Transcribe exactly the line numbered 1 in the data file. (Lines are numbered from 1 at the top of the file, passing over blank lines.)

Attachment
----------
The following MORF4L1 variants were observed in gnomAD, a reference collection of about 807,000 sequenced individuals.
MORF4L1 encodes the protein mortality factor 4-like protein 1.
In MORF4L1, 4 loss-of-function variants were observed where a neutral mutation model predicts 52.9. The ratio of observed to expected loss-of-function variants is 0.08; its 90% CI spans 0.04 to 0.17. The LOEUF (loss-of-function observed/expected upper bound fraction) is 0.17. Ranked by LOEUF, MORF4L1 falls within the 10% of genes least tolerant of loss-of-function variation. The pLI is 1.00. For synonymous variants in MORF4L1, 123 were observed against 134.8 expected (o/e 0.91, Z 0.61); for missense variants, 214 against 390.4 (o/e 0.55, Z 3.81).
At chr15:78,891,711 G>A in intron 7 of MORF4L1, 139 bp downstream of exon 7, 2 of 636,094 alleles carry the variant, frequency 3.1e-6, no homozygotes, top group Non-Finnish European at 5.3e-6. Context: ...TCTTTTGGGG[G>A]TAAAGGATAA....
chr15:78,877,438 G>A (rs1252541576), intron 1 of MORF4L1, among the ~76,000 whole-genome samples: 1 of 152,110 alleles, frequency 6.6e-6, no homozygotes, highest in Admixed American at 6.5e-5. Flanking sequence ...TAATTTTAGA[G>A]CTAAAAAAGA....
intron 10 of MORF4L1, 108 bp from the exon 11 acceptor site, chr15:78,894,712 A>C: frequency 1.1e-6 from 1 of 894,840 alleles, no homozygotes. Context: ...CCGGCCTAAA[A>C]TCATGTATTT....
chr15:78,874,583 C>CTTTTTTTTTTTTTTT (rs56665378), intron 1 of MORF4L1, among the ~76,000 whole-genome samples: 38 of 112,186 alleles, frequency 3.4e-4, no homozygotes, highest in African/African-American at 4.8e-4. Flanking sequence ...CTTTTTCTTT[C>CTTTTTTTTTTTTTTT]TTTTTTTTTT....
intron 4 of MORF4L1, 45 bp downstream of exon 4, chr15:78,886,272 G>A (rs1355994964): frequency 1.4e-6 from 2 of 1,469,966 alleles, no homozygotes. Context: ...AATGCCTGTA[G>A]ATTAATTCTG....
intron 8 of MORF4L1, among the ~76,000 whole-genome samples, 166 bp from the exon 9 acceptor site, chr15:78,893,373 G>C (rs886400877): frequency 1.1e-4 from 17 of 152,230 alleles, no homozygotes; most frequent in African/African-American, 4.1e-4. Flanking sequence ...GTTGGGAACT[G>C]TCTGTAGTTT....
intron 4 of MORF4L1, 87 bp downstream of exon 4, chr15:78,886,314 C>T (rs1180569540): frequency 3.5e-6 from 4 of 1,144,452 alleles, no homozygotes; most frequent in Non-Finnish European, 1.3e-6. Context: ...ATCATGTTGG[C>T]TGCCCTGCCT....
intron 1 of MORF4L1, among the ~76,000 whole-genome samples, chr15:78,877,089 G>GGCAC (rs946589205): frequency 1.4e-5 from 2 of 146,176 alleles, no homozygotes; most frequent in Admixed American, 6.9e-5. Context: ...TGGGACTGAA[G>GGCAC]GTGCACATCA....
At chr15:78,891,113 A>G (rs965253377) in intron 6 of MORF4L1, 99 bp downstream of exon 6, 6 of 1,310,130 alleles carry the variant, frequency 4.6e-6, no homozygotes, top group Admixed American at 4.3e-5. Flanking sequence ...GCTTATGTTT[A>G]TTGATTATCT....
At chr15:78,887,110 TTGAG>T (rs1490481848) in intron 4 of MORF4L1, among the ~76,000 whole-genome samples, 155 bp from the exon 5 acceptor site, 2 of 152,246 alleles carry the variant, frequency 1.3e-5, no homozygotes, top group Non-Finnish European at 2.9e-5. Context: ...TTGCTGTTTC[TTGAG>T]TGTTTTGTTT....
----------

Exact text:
The following MORF4L1 variants were observed in gnomAD, a reference collection of about 807,000 sequenced individuals.